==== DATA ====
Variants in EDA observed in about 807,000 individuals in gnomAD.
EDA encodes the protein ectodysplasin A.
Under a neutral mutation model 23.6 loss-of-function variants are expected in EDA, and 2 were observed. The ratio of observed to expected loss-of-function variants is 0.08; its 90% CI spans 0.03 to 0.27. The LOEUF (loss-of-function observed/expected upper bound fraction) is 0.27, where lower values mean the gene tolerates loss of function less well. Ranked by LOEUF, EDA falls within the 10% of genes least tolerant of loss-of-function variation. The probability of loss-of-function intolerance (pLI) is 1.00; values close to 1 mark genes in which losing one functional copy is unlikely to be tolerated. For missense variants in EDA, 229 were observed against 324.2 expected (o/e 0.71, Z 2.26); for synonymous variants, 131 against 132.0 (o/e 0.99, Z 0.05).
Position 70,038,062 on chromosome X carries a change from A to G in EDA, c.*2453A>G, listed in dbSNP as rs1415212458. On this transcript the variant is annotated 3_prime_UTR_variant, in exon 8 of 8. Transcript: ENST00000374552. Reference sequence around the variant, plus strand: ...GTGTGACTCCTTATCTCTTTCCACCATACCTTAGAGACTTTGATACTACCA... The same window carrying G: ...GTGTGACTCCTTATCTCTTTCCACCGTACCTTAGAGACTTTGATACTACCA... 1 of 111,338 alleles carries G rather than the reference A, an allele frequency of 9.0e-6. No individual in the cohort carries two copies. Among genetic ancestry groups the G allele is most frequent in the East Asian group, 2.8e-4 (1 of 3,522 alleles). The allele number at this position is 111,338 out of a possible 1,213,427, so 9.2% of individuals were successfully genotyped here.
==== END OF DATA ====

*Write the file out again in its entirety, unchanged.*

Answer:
Variants in EDA observed in about 807,000 individuals in gnomAD.
EDA encodes the protein ectodysplasin A.
Under a neutral mutation model 23.6 loss-of-function variants are expected in EDA, and 2 were observed. The ratio of observed to expected loss-of-function variants is 0.08; its 90% CI spans 0.03 to 0.27. The LOEUF (loss-of-function observed/expected upper bound fraction) is 0.27, where lower values mean the gene tolerates loss of function less well. Ranked by LOEUF, EDA falls within the 10% of genes least tolerant of loss-of-function variation. The probability of loss-of-function intolerance (pLI) is 1.00; values close to 1 mark genes in which losing one functional copy is unlikely to be tolerated. For missense variants in EDA, 229 were observed against 324.2 expected (o/e 0.71, Z 2.26); for synonymous variants, 131 against 132.0 (o/e 0.99, Z 0.05).
Position 70,038,062 on chromosome X carries a change from A to G in EDA, c.*2453A>G, listed in dbSNP as rs1415212458. On this transcript the variant is annotated 3_prime_UTR_variant, in exon 8 of 8. Transcript: ENST00000374552. Reference sequence around the variant, plus strand: ...GTGTGACTCCTTATCTCTTTCCACCATACCTTAGAGACTTTGATACTACCA... The same window carrying G: ...GTGTGACTCCTTATCTCTTTCCACCGTACCTTAGAGACTTTGATACTACCA... 1 of 111,338 alleles carries G rather than the reference A, an allele frequency of 9.0e-6. No individual in the cohort carries two copies. Among genetic ancestry groups the G allele is most frequent in the East Asian group, 2.8e-4 (1 of 3,522 alleles). The allele number at this position is 111,338 out of a possible 1,213,427, so 9.2% of individuals were successfully genotyped here.